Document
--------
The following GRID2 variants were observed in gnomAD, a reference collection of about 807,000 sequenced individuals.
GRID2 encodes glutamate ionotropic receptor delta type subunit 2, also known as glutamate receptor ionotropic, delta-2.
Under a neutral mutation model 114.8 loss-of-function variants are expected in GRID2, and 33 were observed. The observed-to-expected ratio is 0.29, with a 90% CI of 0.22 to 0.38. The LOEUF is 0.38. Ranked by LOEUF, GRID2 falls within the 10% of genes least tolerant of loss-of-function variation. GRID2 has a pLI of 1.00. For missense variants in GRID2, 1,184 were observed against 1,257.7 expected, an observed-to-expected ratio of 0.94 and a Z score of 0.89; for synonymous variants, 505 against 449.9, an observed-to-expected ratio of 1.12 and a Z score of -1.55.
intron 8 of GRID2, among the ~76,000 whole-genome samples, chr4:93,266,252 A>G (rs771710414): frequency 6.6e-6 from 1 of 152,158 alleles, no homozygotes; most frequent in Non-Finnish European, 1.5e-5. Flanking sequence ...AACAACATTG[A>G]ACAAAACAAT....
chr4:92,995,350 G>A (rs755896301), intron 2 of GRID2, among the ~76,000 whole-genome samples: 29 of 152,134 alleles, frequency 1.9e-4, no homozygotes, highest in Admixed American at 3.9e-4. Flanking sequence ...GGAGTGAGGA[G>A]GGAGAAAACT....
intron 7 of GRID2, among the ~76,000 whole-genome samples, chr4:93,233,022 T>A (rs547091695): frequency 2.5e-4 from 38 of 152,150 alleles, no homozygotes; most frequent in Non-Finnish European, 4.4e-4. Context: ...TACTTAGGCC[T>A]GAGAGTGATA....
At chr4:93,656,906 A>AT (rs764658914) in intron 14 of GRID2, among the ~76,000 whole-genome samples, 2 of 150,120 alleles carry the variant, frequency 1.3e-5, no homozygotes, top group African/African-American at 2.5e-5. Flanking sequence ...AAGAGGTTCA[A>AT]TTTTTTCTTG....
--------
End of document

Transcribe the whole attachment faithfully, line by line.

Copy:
The following GRID2 variants were observed in gnomAD, a reference collection of about 807,000 sequenced individuals.
GRID2 encodes glutamate ionotropic receptor delta type subunit 2, also known as glutamate receptor ionotropic, delta-2.
Under a neutral mutation model 114.8 loss-of-function variants are expected in GRID2, and 33 were observed. The observed-to-expected ratio is 0.29, with a 90% CI of 0.22 to 0.38. The LOEUF is 0.38. Ranked by LOEUF, GRID2 falls within the 10% of genes least tolerant of loss-of-function variation. GRID2 has a pLI of 1.00. For missense variants in GRID2, 1,184 were observed against 1,257.7 expected, an observed-to-expected ratio of 0.94 and a Z score of 0.89; for synonymous variants, 505 against 449.9, an observed-to-expected ratio of 1.12 and a Z score of -1.55.
intron 8 of GRID2, among the ~76,000 whole-genome samples, chr4:93,266,252 A>G (rs771710414): frequency 6.6e-6 from 1 of 152,158 alleles, no homozygotes; most frequent in Non-Finnish European, 1.5e-5. Flanking sequence ...AACAACATTG[A>G]ACAAAACAAT....
chr4:92,995,350 G>A (rs755896301), intron 2 of GRID2, among the ~76,000 whole-genome samples: 29 of 152,134 alleles, frequency 1.9e-4, no homozygotes, highest in Admixed American at 3.9e-4. Flanking sequence ...GGAGTGAGGA[G>A]GGAGAAAACT....
intron 7 of GRID2, among the ~76,000 whole-genome samples, chr4:93,233,022 T>A (rs547091695): frequency 2.5e-4 from 38 of 152,150 alleles, no homozygotes; most frequent in Non-Finnish European, 4.4e-4. Context: ...TACTTAGGCC[T>A]GAGAGTGATA....
At chr4:93,656,906 A>AT (rs764658914) in intron 14 of GRID2, among the ~76,000 whole-genome samples, 2 of 150,120 alleles carry the variant, frequency 1.3e-5, no homozygotes, top group African/African-American at 2.5e-5. Flanking sequence ...AAGAGGTTCA[A>AT]TTTTTTCTTG....